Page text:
Customers who enter the stores will be met with new public safety measures, including “aggressive” cleaning schedules in high-touch areas, daily temperature checks on associates and a requirement that they wear masks. Fitting rooms are closed, and cosmetics testing is not available.
While auto dealerships were deemed essential in the governor’s stay-at-home order, an increasing percentage of purchases since late March have been made online for safety reasons.
To help seal a deal or maintain customer loyalty, sweeteners like the delivery of vehicles to buyers’ homes and the pickup and return of vehicles to be serviced have become more routine.
But with more than 1 million North Carolinians already having filed unemployment insurance benefit claims since March 15, big-ticket items such as cars and trucks may represent a new form of sticker shock.
In a sign of industry softness, the N.C. Department of Commerce has just posted notifications of temporary layoffs by Asbury Automotive Group at dealerships in Fayetteville, Durham and Greensboro that affect a total of 190 employees.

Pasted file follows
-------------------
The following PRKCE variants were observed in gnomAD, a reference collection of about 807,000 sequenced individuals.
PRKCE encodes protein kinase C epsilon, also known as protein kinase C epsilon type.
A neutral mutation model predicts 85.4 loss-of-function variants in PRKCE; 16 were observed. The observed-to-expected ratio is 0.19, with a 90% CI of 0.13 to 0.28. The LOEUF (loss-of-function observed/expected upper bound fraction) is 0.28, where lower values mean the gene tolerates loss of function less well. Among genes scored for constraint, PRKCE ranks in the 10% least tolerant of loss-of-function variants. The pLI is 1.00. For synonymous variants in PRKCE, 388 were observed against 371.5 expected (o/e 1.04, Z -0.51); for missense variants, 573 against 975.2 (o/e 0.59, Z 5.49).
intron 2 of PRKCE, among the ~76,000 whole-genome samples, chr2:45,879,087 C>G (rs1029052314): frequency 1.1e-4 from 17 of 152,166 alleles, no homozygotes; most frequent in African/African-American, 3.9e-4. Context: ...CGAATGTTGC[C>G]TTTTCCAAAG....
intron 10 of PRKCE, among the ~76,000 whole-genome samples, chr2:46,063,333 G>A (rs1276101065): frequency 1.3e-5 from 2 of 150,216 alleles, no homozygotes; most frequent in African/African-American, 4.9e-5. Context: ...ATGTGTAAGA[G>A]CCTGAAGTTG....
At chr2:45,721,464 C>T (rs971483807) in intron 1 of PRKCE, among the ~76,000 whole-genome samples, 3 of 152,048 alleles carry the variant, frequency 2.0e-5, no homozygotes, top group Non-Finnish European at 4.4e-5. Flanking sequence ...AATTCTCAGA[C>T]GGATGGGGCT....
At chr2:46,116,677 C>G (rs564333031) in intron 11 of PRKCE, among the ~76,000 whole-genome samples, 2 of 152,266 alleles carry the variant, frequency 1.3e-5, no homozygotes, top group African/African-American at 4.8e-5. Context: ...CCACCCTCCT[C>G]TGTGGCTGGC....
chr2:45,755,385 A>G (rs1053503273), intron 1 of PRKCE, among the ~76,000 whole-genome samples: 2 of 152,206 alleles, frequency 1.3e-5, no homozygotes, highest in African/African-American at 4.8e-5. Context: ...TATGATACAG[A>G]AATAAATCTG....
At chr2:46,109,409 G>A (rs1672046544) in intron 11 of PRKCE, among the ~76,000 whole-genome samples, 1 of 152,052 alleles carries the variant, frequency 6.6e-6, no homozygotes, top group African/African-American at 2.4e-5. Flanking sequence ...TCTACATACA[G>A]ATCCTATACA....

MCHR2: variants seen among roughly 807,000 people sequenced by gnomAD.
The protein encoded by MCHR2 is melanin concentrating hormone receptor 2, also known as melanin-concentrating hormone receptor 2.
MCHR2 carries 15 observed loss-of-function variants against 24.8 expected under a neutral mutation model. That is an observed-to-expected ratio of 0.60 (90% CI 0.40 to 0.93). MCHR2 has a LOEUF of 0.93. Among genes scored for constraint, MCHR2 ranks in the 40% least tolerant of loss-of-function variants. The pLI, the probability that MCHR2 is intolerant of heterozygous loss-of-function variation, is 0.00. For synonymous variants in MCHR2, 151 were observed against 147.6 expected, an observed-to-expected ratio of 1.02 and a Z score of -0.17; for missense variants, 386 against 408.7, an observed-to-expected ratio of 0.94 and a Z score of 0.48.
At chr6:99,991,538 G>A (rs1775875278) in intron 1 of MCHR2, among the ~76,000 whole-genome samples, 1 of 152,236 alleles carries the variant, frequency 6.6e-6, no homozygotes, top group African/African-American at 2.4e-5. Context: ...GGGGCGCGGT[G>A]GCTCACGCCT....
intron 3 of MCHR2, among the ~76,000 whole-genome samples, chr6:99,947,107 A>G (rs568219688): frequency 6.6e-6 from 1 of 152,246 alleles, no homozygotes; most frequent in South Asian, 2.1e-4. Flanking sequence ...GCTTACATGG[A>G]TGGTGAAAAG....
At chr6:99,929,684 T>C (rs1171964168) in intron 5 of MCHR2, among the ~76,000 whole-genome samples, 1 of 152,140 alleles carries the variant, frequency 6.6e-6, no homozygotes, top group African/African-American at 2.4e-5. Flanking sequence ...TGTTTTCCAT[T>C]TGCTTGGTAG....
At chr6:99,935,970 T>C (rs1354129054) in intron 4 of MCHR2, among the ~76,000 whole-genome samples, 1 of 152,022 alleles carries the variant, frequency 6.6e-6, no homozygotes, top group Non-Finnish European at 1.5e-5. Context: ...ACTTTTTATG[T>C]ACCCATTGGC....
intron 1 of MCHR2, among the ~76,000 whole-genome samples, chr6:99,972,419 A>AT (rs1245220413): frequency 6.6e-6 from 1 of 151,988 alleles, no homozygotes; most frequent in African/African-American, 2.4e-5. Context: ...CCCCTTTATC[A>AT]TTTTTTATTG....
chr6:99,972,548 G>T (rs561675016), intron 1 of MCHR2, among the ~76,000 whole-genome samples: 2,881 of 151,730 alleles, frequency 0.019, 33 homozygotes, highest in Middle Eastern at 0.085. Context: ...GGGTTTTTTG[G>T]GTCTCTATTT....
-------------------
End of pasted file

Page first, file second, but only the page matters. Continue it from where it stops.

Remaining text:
A similar notice by Cox Automotive will impact 402 employees in Iredell and Johnston counties, effective next week.
While the automotive sector appears spotty, other businesses considered essential are faring quite well.
McDonald Lumber Co. in Fayetteville has been “slammed,” said Richard Stallings, a stockroom worker at the supply company that serves do-it-yourself customers and general contractors.
People told to stay at home have had ample time to catch up on around-the-house projects, and contractors “have as much as they can handle,” Stallings said, making business brisk.
For similar reasons, Jesse Israel & Sons Garden Center in Asheville is operating in “record territory,” said Alan Israel, operations manager of the family-owned business.
“A lot of what we do is geared to the edibles” that have taken on special importance during a time of potential supply chain disruptions and heightened food insecurity, he said.
“I wish I had twice the number of parking spots,” Israel said.
The business is on the grounds of the Western North Carolina Farmers Market.
At Blackstone Shooting Sports, a gun shop and shooting range in metro Charlotte, “people were picking up a lot of ammo” in the early stages of lockdown, and they’re putting that ammo to use at Blackstone’s shooting range, said Calvin Firms, a sales associate.
Business is going great guns, he said.
“We’ve been doing record numbers every single day,” Firms said, with 30,000 purchases of merchandise daily at the time when stay-at-home began rising to 80,000 daily purchases.
“Everything was going; it really didn’t matter the price point,” he said.